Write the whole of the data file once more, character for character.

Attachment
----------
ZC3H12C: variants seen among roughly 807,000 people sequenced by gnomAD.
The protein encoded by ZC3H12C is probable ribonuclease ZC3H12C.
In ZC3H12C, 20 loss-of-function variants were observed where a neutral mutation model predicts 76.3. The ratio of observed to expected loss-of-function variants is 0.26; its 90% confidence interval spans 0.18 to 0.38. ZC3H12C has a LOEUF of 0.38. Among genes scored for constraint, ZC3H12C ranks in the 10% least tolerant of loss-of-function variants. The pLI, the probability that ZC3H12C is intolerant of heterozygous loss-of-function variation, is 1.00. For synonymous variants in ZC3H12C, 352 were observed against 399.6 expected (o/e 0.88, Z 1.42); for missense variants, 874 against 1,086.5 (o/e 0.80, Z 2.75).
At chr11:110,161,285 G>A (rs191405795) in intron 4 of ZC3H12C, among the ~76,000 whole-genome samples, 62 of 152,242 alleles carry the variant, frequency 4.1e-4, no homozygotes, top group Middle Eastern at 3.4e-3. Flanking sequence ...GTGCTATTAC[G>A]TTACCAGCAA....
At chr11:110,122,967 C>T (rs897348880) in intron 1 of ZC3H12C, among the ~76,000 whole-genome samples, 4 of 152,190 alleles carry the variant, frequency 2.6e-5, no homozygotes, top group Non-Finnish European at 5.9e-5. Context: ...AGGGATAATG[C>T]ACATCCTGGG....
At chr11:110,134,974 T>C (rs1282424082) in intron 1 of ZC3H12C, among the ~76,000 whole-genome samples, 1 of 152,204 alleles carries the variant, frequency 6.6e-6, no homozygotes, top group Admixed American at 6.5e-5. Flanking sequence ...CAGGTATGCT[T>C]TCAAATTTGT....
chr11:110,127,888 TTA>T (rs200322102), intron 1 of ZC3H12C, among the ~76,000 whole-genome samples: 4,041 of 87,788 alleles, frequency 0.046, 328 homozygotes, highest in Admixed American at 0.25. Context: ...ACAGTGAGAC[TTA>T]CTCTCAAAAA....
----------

ZC3H12C: variants seen among roughly 807,000 people sequenced by gnomAD.
The protein encoded by ZC3H12C is probable ribonuclease ZC3H12C.
In ZC3H12C, 20 loss-of-function variants were observed where a neutral mutation model predicts 76.3. The ratio of observed to expected loss-of-function variants is 0.26; its 90% confidence interval spans 0.18 to 0.38. ZC3H12C has a LOEUF of 0.38. Among genes scored for constraint, ZC3H12C ranks in the 10% least tolerant of loss-of-function variants. The pLI, the probability that ZC3H12C is intolerant of heterozygous loss-of-function variation, is 1.00. For synonymous variants in ZC3H12C, 352 were observed against 399.6 expected (o/e 0.88, Z 1.42); for missense variants, 874 against 1,086.5 (o/e 0.80, Z 2.75).
At chr11:110,161,285 G>A (rs191405795) in intron 4 of ZC3H12C, among the ~76,000 whole-genome samples, 62 of 152,242 alleles carry the variant, frequency 4.1e-4, no homozygotes, top group Middle Eastern at 3.4e-3. Flanking sequence ...GTGCTATTAC[G>A]TTACCAGCAA....
At chr11:110,122,967 C>T (rs897348880) in intron 1 of ZC3H12C, among the ~76,000 whole-genome samples, 4 of 152,190 alleles carry the variant, frequency 2.6e-5, no homozygotes, top group Non-Finnish European at 5.9e-5. Context: ...AGGGATAATG[C>T]ACATCCTGGG....
At chr11:110,134,974 T>C (rs1282424082) in intron 1 of ZC3H12C, among the ~76,000 whole-genome samples, 1 of 152,204 alleles carries the variant, frequency 6.6e-6, no homozygotes, top group Admixed American at 6.5e-5. Flanking sequence ...CAGGTATGCT[T>C]TCAAATTTGT....
chr11:110,127,888 TTA>T (rs200322102), intron 1 of ZC3H12C, among the ~76,000 whole-genome samples: 4,041 of 87,788 alleles, frequency 0.046, 328 homozygotes, highest in Admixed American at 0.25. Context: ...ACAGTGAGAC[TTA>T]CTCTCAAAAA....